I first started at TAFE Queensland in 2002 and have worked in a variety of different roles from training consultant to teacher, as Student Activities Coordinator and Student Support Service Acting Manager, before working as a counsellor for four years, just to name a few. In 2014 I took time to travel overseas, living in Thailand for two and half years and working across six countries with young girls who were survivors of sexual exploitation and human trafficking.
On my return to Australia in 2016 I decided to explore various careers, which I think was very fitting since I provided counselling and advice on careers. I worked as a Spectator Services Supervisor at the Commonwealth Games, Parliamentary Attendant (casually) at Queensland Parliament, Project Coordinator at USQ, and then a Senior Advisor at Child Safety. But in January 2020 when I saw a counsellor role come up at TAFE Queensland I knew I had to apply. I was really missing working as a practitioner and the fulfilment of assisting and helping people. I was honoured to be given the opportunity to come back and help others make great happen in their own careers.
The diversity of the counsellor role is something I love. In a single day I might travel to different campuses, work with and inspire students to continue on with their course if they are having issues, or speak with and hear stories of current and prospective students, while brainstorming and researching pathways and job searching possibilities and strategies with them. I also get to speak to classes and work with other government departments and community service organisations to help their clients reach their career goals. I never know what the day will bring and who I will meet, but it allows me to follow my passion for helping people to reach their potential, overcome barriers to success, and live a life of fulfilment.
COVID-19 has without a doubt changed things like our careers, different industries, the economy, family dynamics, mental health, and so much more. I am lucky and privileged enough that the pandemic has not impacted me too much, apart from having to work from home for a short stint and talk to students and prospective students over the phone, email, SMS or via Zoom. However this has had its advantages because now we are able to offer a wider variety of counselling methods – some students prefer to email or SMS or talk over the phone, rather than face-to-face. This can make the counselling experience more relaxed and students and prospective students can be more open.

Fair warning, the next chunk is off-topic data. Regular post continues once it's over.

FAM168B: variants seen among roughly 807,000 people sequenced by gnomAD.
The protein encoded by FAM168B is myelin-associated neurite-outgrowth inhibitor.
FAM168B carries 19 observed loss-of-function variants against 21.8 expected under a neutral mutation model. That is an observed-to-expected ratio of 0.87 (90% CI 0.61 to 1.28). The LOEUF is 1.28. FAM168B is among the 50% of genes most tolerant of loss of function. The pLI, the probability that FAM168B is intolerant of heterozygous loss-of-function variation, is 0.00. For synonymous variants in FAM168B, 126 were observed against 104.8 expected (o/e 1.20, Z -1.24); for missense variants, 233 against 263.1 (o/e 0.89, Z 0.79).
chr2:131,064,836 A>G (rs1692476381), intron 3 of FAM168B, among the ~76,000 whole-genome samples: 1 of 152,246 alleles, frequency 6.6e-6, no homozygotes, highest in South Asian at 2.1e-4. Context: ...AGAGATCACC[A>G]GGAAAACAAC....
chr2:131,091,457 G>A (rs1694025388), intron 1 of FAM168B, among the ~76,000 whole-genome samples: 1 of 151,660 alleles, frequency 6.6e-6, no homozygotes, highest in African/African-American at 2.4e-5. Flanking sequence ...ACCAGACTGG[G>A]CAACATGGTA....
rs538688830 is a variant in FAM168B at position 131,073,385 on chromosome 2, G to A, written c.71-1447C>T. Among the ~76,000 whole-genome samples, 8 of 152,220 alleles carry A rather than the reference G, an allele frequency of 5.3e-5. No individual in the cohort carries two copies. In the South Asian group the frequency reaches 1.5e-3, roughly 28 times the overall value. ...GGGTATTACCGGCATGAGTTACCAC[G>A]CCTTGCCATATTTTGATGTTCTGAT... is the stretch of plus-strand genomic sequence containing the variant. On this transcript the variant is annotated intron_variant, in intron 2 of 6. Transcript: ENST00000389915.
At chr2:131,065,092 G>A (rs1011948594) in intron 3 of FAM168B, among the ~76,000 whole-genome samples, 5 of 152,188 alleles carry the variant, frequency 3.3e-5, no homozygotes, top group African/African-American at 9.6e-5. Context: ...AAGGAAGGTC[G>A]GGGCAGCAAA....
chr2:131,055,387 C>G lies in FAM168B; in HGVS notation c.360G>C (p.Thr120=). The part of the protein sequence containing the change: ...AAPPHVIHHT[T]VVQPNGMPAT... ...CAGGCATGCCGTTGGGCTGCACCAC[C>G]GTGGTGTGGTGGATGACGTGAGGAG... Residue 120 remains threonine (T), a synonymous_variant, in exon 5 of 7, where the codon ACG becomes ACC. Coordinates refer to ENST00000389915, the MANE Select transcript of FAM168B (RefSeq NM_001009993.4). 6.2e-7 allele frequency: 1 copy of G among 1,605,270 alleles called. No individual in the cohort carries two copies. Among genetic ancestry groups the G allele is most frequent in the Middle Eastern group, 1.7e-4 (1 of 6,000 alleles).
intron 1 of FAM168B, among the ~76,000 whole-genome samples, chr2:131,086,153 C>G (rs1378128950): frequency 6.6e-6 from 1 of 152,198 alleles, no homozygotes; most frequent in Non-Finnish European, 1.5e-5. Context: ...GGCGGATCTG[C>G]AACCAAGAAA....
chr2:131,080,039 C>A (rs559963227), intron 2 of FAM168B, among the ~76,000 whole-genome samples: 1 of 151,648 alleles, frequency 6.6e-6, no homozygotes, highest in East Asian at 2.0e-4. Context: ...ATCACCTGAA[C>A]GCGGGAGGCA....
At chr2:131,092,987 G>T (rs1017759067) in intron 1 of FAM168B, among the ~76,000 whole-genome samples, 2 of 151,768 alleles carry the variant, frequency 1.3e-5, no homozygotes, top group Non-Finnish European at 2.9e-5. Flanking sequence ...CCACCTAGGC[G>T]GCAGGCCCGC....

I have had many conversations across a range of industries with people who have had their work hours cut or have lost their jobs entirely, and are making the most of this opportunity to explore other career pathways. Recently I helped a student with a mock interview over the phone who then got the job. I also supported a student in finding and getting a traineeship in administration. Hope is something we all need, especially during this pandemic. While COVID-19 has undoubtedly impacted people negatively I think it's important to remember that there are still positive stories out there about how people have rallied and supported others and that in time things will change.
If you are struggling or even just need someone to talk to, please remember that my fellow counsellors and I are here to support you as always. We can provide a range of counselling services and practical resources, like the Smiling Mind App, finding fun or relaxing things to do each day that makes you happy, or making or remembering a good memory, to stimulate dopamine and serotonin – which are the "good chemicals" for our brains.
Megan Buxton has been in the welfare sector for 25 years developing programs and new initiatives, and leading and teaching others. She has experience across various roles including counsellor, career guidance officer, vocational teacher, and more. Megan is passionate about people reaching their potential, overcoming barriers to success, and living a life of fulfilment.